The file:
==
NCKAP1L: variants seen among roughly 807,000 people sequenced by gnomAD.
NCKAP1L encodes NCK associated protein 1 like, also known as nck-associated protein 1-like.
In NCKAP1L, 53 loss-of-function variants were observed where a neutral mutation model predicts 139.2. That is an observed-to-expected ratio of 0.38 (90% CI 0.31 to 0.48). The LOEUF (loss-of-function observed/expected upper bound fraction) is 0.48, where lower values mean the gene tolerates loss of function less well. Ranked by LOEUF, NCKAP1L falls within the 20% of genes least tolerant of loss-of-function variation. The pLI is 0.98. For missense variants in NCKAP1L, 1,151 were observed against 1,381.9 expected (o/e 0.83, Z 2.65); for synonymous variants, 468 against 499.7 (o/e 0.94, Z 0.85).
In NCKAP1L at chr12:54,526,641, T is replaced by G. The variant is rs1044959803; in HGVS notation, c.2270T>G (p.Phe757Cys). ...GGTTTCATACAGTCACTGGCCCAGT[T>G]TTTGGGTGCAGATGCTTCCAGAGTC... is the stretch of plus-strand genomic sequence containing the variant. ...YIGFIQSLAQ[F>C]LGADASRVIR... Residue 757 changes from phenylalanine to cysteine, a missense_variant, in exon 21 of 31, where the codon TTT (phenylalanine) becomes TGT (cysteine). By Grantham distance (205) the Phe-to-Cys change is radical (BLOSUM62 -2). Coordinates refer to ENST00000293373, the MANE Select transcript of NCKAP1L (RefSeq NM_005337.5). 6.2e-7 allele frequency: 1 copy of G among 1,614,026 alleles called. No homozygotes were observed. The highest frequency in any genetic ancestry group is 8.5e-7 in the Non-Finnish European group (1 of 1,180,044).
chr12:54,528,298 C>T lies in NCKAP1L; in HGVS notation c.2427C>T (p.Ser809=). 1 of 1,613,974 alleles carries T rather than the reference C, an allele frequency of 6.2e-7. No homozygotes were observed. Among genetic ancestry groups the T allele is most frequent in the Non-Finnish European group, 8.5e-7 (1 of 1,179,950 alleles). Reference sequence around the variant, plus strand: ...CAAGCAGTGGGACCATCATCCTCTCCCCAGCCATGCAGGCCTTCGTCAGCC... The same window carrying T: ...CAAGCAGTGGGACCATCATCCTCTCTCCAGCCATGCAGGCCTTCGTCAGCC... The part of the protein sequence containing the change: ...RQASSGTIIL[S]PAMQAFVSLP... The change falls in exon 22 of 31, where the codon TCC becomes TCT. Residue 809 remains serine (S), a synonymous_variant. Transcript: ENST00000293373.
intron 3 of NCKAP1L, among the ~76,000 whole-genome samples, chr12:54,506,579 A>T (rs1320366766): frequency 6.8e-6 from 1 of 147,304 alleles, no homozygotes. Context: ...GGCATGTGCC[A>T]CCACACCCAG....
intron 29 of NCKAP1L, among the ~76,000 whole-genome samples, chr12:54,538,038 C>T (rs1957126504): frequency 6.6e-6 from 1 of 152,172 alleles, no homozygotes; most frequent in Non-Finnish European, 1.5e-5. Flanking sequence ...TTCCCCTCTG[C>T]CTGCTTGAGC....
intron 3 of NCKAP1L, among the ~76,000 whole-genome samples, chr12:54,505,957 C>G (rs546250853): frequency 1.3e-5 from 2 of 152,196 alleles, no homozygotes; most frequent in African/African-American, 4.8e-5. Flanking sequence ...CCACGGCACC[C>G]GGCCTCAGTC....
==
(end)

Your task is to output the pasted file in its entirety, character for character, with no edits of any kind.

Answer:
NCKAP1L: variants seen among roughly 807,000 people sequenced by gnomAD.
NCKAP1L encodes NCK associated protein 1 like, also known as nck-associated protein 1-like.
In NCKAP1L, 53 loss-of-function variants were observed where a neutral mutation model predicts 139.2. That is an observed-to-expected ratio of 0.38 (90% CI 0.31 to 0.48). The LOEUF (loss-of-function observed/expected upper bound fraction) is 0.48, where lower values mean the gene tolerates loss of function less well. Ranked by LOEUF, NCKAP1L falls within the 20% of genes least tolerant of loss-of-function variation. The pLI is 0.98. For missense variants in NCKAP1L, 1,151 were observed against 1,381.9 expected (o/e 0.83, Z 2.65); for synonymous variants, 468 against 499.7 (o/e 0.94, Z 0.85).
In NCKAP1L at chr12:54,526,641, T is replaced by G. The variant is rs1044959803; in HGVS notation, c.2270T>G (p.Phe757Cys). ...GGTTTCATACAGTCACTGGCCCAGT[T>G]TTTGGGTGCAGATGCTTCCAGAGTC... is the stretch of plus-strand genomic sequence containing the variant. ...YIGFIQSLAQ[F>C]LGADASRVIR... Residue 757 changes from phenylalanine to cysteine, a missense_variant, in exon 21 of 31, where the codon TTT (phenylalanine) becomes TGT (cysteine). By Grantham distance (205) the Phe-to-Cys change is radical (BLOSUM62 -2). Coordinates refer to ENST00000293373, the MANE Select transcript of NCKAP1L (RefSeq NM_005337.5). 6.2e-7 allele frequency: 1 copy of G among 1,614,026 alleles called. No homozygotes were observed. The highest frequency in any genetic ancestry group is 8.5e-7 in the Non-Finnish European group (1 of 1,180,044).
chr12:54,528,298 C>T lies in NCKAP1L; in HGVS notation c.2427C>T (p.Ser809=). 1 of 1,613,974 alleles carries T rather than the reference C, an allele frequency of 6.2e-7. No homozygotes were observed. Among genetic ancestry groups the T allele is most frequent in the Non-Finnish European group, 8.5e-7 (1 of 1,179,950 alleles). Reference sequence around the variant, plus strand: ...CAAGCAGTGGGACCATCATCCTCTCCCCAGCCATGCAGGCCTTCGTCAGCC... The same window carrying T: ...CAAGCAGTGGGACCATCATCCTCTCTCCAGCCATGCAGGCCTTCGTCAGCC... The part of the protein sequence containing the change: ...RQASSGTIIL[S]PAMQAFVSLP... The change falls in exon 22 of 31, where the codon TCC becomes TCT. Residue 809 remains serine (S), a synonymous_variant. Transcript: ENST00000293373.
intron 3 of NCKAP1L, among the ~76,000 whole-genome samples, chr12:54,506,579 A>T (rs1320366766): frequency 6.8e-6 from 1 of 147,304 alleles, no homozygotes. Context: ...GGCATGTGCC[A>T]CCACACCCAG....
intron 29 of NCKAP1L, among the ~76,000 whole-genome samples, chr12:54,538,038 C>T (rs1957126504): frequency 6.6e-6 from 1 of 152,172 alleles, no homozygotes; most frequent in Non-Finnish European, 1.5e-5. Flanking sequence ...TTCCCCTCTG[C>T]CTGCTTGAGC....
intron 3 of NCKAP1L, among the ~76,000 whole-genome samples, chr12:54,505,957 C>G (rs546250853): frequency 1.3e-5 from 2 of 152,196 alleles, no homozygotes; most frequent in African/African-American, 4.8e-5. Flanking sequence ...CCACGGCACC[C>G]GGCCTCAGTC....